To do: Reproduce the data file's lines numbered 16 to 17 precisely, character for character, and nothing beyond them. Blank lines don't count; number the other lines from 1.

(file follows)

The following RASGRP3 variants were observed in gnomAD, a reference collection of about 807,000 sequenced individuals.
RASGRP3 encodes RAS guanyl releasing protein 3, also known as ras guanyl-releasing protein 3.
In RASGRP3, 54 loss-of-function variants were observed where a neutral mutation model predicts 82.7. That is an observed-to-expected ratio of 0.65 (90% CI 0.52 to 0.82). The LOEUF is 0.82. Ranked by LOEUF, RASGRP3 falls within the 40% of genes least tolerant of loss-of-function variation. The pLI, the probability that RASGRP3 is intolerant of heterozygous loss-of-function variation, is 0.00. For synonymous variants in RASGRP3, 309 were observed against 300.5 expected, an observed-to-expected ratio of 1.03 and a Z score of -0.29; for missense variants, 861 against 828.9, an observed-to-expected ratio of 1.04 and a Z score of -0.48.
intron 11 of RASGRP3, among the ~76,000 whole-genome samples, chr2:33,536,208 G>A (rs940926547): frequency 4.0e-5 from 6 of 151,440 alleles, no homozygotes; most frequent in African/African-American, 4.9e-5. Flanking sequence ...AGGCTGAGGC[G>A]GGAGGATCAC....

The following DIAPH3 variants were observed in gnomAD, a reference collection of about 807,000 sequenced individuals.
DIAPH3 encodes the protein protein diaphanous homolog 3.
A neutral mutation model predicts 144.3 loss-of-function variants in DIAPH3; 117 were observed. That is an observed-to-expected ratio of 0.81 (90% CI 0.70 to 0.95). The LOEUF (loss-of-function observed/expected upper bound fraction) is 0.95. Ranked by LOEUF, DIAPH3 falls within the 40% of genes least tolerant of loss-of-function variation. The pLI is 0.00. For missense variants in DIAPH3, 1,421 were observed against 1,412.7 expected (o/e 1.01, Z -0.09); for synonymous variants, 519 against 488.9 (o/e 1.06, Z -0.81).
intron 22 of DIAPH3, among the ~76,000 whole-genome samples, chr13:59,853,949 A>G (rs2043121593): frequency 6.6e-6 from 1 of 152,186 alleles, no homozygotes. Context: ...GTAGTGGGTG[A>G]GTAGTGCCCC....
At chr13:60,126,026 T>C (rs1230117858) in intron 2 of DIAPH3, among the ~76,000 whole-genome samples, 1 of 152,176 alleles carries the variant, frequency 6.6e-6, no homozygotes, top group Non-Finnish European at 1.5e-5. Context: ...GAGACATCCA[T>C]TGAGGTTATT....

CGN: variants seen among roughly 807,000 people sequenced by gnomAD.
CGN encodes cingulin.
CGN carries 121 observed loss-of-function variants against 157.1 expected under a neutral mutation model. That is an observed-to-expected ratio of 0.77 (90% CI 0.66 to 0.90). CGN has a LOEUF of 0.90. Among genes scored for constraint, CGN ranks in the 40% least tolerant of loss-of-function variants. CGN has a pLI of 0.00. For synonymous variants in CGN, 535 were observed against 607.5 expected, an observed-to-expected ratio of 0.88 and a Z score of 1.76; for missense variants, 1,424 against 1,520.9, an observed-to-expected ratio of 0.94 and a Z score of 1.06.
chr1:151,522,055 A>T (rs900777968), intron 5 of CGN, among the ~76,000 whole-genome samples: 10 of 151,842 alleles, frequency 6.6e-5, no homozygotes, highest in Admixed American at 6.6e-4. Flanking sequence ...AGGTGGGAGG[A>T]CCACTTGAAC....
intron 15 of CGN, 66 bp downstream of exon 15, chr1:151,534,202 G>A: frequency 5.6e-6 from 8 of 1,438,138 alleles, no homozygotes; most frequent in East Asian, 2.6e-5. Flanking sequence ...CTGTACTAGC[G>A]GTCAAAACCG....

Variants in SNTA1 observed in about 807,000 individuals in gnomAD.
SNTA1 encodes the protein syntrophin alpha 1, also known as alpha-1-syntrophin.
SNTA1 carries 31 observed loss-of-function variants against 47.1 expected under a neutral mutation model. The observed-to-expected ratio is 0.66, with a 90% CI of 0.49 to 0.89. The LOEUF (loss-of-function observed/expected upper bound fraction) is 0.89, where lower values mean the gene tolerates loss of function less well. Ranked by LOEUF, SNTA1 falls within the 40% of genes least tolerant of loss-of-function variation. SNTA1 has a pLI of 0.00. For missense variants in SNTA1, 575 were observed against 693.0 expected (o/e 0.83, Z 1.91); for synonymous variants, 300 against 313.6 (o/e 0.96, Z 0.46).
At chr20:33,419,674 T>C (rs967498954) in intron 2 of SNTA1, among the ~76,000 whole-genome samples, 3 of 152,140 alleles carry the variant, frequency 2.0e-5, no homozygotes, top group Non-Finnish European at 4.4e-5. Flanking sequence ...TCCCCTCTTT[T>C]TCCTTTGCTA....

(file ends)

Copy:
SNTA1 encodes the protein syntrophin alpha 1, also known as alpha-1-syntrophin.
SNTA1 carries 31 observed loss-of-function variants against 47.1 expected under a neutral mutation model. The observed-to-expected ratio is 0.66, with a 90% CI of 0.49 to 0.89. The LOEUF (loss-of-function observed/expected upper bound fraction) is 0.89, where lower values mean the gene tolerates loss of function less well. Ranked by LOEUF, SNTA1 falls within the 40% of genes least tolerant of loss-of-function variation. SNTA1 has a pLI of 0.00. For missense variants in SNTA1, 575 were observed against 693.0 expected (o/e 0.83, Z 1.91); for synonymous variants, 300 against 313.6 (o/e 0.96, Z 0.46).